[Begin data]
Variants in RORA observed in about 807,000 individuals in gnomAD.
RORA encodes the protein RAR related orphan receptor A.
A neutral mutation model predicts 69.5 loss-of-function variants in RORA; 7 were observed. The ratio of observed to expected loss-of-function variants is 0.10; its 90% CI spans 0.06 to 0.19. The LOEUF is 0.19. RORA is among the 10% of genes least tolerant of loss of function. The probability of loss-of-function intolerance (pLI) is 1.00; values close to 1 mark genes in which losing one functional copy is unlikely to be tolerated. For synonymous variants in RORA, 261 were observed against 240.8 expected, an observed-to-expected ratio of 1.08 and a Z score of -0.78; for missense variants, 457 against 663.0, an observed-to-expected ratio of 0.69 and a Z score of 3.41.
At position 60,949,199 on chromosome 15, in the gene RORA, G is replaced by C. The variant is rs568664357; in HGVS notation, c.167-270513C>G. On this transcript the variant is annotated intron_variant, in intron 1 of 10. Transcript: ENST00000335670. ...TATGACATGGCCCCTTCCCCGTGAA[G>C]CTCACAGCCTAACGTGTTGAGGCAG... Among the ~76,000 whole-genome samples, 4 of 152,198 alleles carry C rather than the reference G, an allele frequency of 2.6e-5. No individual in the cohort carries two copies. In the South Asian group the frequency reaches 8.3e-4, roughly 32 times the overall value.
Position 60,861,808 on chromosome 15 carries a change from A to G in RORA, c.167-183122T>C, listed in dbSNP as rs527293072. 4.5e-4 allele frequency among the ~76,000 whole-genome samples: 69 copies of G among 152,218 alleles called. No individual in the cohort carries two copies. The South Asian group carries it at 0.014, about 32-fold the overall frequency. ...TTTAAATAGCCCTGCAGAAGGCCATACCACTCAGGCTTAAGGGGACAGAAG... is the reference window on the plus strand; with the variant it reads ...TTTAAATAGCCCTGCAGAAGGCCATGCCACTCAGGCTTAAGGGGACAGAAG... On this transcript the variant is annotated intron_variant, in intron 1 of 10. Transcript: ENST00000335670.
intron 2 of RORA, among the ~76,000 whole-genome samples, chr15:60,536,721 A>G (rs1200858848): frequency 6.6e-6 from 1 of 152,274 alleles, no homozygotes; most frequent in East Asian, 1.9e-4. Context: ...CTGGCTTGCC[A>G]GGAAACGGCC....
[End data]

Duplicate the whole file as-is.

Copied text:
Variants in RORA observed in about 807,000 individuals in gnomAD.
RORA encodes the protein RAR related orphan receptor A.
A neutral mutation model predicts 69.5 loss-of-function variants in RORA; 7 were observed. The ratio of observed to expected loss-of-function variants is 0.10; its 90% CI spans 0.06 to 0.19. The LOEUF is 0.19. RORA is among the 10% of genes least tolerant of loss of function. The probability of loss-of-function intolerance (pLI) is 1.00; values close to 1 mark genes in which losing one functional copy is unlikely to be tolerated. For synonymous variants in RORA, 261 were observed against 240.8 expected, an observed-to-expected ratio of 1.08 and a Z score of -0.78; for missense variants, 457 against 663.0, an observed-to-expected ratio of 0.69 and a Z score of 3.41.
At position 60,949,199 on chromosome 15, in the gene RORA, G is replaced by C. The variant is rs568664357; in HGVS notation, c.167-270513C>G. On this transcript the variant is annotated intron_variant, in intron 1 of 10. Transcript: ENST00000335670. ...TATGACATGGCCCCTTCCCCGTGAA[G>C]CTCACAGCCTAACGTGTTGAGGCAG... Among the ~76,000 whole-genome samples, 4 of 152,198 alleles carry C rather than the reference G, an allele frequency of 2.6e-5. No individual in the cohort carries two copies. In the South Asian group the frequency reaches 8.3e-4, roughly 32 times the overall value.
Position 60,861,808 on chromosome 15 carries a change from A to G in RORA, c.167-183122T>C, listed in dbSNP as rs527293072. 4.5e-4 allele frequency among the ~76,000 whole-genome samples: 69 copies of G among 152,218 alleles called. No individual in the cohort carries two copies. The South Asian group carries it at 0.014, about 32-fold the overall frequency. ...TTTAAATAGCCCTGCAGAAGGCCATACCACTCAGGCTTAAGGGGACAGAAG... is the reference window on the plus strand; with the variant it reads ...TTTAAATAGCCCTGCAGAAGGCCATGCCACTCAGGCTTAAGGGGACAGAAG... On this transcript the variant is annotated intron_variant, in intron 1 of 10. Transcript: ENST00000335670.
intron 2 of RORA, among the ~76,000 whole-genome samples, chr15:60,536,721 A>G (rs1200858848): frequency 6.6e-6 from 1 of 152,274 alleles, no homozygotes; most frequent in East Asian, 1.9e-4. Context: ...CTGGCTTGCC[A>G]GGAAACGGCC....